they are dealing with them in serious fadI. Christians ought not to content them- ness; and knowing what "averseness and selves with the knowledge of fundamental reluctancy is in people ordinarily, and how truths of religion, touching things to be active and busy their spiritual enemies are believed; but also they should labour for to persuade them to the contrary; and the practical part, and to know what is therefore Paul here befeecheth them, or their duty, both towards God and man: vehemently entreateth them, as the word And as ministers fiould be careful to clear may be rendered. folks judgments anent these things which V. When people see the servants of the are to be believed, so they should not rest Lord exhorting and prefsing them to their there, but moreover they ought seriously duty, with all vehemency and earnestness, to instruct them in, and persuade and move as seeing some great neceflity, by reason them to, their duties : all which is clear of profit upon the one hand, and loss upin the apostle's practice, in exhorting them on the other hand, in the natier, it
should be a forcible inducement to move to be helpful to other in spiritual things, them to a willing obedience; and if obedi. according to their places and Itations ; fo ence be pot yielded, their seriousness will it layeth an obligation on them to receive make the peoples case more sad, both in the help one of another, whether by diTegard of guilt and punilhment; for the rection, reproof, or admonition, in very force of Paul's argument fheweth this. good part, and submit unto and obey their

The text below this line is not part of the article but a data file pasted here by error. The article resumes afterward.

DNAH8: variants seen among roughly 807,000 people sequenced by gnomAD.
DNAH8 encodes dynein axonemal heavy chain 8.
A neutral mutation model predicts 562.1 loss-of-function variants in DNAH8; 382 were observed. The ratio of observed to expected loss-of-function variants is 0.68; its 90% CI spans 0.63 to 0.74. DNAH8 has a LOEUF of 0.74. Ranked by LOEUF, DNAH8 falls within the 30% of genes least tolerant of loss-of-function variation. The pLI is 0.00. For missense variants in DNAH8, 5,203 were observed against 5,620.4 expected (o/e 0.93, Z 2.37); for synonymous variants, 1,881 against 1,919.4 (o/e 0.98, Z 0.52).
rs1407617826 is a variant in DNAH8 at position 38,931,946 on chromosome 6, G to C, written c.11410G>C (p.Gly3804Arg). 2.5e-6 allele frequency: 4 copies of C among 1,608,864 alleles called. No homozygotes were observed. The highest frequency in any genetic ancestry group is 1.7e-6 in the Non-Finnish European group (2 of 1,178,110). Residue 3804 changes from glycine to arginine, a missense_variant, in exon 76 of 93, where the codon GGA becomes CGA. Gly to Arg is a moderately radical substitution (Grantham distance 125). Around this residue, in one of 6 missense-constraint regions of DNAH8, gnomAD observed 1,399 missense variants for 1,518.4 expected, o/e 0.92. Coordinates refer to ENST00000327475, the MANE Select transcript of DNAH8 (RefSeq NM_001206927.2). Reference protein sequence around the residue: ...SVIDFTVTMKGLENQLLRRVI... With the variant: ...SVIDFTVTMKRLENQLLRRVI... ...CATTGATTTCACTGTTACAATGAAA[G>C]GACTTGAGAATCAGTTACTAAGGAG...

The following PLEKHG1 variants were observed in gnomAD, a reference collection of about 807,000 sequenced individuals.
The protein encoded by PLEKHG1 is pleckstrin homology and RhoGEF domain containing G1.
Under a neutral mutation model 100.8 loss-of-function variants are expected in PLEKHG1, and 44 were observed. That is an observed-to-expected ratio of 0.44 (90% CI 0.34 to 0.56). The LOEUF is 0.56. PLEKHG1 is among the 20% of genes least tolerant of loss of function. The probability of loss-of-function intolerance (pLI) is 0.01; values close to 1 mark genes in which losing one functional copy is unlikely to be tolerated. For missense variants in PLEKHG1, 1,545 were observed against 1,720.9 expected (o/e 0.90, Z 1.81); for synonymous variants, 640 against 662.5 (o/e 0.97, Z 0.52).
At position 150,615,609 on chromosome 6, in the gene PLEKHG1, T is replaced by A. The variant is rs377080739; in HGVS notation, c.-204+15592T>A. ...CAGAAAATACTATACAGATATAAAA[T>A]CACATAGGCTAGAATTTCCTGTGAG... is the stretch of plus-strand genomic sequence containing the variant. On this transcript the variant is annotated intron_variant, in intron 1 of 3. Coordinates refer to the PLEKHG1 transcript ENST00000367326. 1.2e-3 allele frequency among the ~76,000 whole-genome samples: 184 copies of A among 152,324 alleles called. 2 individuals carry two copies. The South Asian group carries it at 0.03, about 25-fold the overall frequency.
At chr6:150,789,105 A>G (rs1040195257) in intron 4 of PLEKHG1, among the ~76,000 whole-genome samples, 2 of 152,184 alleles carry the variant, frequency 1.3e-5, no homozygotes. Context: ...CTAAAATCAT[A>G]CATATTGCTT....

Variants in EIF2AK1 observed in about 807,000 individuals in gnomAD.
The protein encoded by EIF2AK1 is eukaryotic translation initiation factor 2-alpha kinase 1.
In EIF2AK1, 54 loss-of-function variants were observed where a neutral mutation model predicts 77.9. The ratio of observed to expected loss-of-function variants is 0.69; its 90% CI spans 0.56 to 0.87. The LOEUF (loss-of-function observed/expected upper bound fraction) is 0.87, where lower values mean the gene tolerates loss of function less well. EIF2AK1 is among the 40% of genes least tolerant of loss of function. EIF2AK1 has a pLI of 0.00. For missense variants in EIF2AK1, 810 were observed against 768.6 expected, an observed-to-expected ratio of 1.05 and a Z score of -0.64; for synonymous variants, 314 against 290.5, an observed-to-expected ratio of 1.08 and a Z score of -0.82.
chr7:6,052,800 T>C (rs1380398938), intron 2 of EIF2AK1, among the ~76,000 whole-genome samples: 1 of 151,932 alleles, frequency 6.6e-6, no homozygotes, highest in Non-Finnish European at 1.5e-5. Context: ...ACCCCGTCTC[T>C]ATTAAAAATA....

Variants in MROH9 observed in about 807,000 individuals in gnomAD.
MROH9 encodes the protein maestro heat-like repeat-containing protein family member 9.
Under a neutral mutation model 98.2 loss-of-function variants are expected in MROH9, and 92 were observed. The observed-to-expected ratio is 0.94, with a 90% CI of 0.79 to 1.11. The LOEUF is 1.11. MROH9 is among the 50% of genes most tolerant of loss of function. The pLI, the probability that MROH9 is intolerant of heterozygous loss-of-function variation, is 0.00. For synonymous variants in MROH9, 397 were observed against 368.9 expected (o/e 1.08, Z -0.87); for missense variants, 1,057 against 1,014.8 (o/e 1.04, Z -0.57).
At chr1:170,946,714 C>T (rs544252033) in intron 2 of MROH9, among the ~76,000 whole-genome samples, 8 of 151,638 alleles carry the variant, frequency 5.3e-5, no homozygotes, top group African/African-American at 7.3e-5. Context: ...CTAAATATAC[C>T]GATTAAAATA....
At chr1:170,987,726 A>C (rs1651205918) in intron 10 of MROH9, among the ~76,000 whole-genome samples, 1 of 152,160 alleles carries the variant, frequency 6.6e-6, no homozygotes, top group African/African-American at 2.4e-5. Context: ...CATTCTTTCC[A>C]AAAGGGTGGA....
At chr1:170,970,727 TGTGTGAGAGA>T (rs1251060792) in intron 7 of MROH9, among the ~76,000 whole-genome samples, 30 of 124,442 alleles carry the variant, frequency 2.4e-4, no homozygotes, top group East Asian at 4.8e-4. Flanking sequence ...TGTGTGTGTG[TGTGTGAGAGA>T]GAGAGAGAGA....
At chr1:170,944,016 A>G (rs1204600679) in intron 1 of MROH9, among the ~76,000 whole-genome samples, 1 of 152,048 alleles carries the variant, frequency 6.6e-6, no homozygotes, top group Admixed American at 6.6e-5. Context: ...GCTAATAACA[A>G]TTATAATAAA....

VI. The doctrine of predestination and wholesome counsel and advice: for that election, is not a doctrine tending to lull they might yield obedience unto this his folk asleep in security, and to cause them command, he stiles them brethren. shake themselves loose from all pains and
X. The best and most edifying way
for endeavours; nor a doctrine destroying the ministers to press duties upon their flocks, freedom and liberty of man's will, in willing and Christians upon one another, is, so to
or nilling; nor yet a doctrine inconsistent urge them as those whom we exhort may with exhortacions; for after Paul hath fee and be convinced of our love to them; been treating of that doctrine, and as com and where exhortations that come forth prehending some of them at least, he finds enwraped in love are flighted, the guilt a place for an exhortation to them all, and will be the greater : this is Paul's argu . doth not look upon them as stocks or ment, brethren; thereby discovering his stones, but as rational creatures, endued | love and brotherly affection to them, the with a faculty of willing and nilling, with more to gain their obedience. out any natural necessity, or external com XI. It is the want of the serious copfi. pulfion; and notwithstanding of their elec- deration of the relation wherein believers tion he presseth them to holy duties. stand in to God, that makes them flack in